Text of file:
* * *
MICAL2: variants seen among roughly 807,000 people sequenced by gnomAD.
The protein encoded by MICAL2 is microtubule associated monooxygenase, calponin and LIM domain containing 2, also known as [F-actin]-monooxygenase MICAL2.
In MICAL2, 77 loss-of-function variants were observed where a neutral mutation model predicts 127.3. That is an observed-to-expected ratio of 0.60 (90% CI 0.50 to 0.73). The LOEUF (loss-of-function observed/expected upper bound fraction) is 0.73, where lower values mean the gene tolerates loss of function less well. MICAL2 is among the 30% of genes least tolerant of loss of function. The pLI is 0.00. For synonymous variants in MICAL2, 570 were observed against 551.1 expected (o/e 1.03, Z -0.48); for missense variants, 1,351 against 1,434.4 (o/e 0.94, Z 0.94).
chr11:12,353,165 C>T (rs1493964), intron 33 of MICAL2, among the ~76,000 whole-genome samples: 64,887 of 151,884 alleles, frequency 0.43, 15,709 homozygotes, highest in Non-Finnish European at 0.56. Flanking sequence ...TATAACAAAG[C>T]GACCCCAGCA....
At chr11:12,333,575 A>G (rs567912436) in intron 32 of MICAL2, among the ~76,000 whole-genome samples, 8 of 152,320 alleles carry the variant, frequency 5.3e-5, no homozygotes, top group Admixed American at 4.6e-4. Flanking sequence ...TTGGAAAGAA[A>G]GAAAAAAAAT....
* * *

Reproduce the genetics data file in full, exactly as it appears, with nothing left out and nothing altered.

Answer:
MICAL2: variants seen among roughly 807,000 people sequenced by gnomAD.
The protein encoded by MICAL2 is microtubule associated monooxygenase, calponin and LIM domain containing 2, also known as [F-actin]-monooxygenase MICAL2.
In MICAL2, 77 loss-of-function variants were observed where a neutral mutation model predicts 127.3. That is an observed-to-expected ratio of 0.60 (90% CI 0.50 to 0.73). The LOEUF (loss-of-function observed/expected upper bound fraction) is 0.73, where lower values mean the gene tolerates loss of function less well. MICAL2 is among the 30% of genes least tolerant of loss of function. The pLI is 0.00. For synonymous variants in MICAL2, 570 were observed against 551.1 expected (o/e 1.03, Z -0.48); for missense variants, 1,351 against 1,434.4 (o/e 0.94, Z 0.94).
chr11:12,353,165 C>T (rs1493964), intron 33 of MICAL2, among the ~76,000 whole-genome samples: 64,887 of 151,884 alleles, frequency 0.43, 15,709 homozygotes, highest in Non-Finnish European at 0.56. Flanking sequence ...TATAACAAAG[C>T]GACCCCAGCA....
At chr11:12,333,575 A>G (rs567912436) in intron 32 of MICAL2, among the ~76,000 whole-genome samples, 8 of 152,320 alleles carry the variant, frequency 5.3e-5, no homozygotes, top group Admixed American at 4.6e-4. Flanking sequence ...TTGGAAAGAA[A>G]GAAAAAAAAT....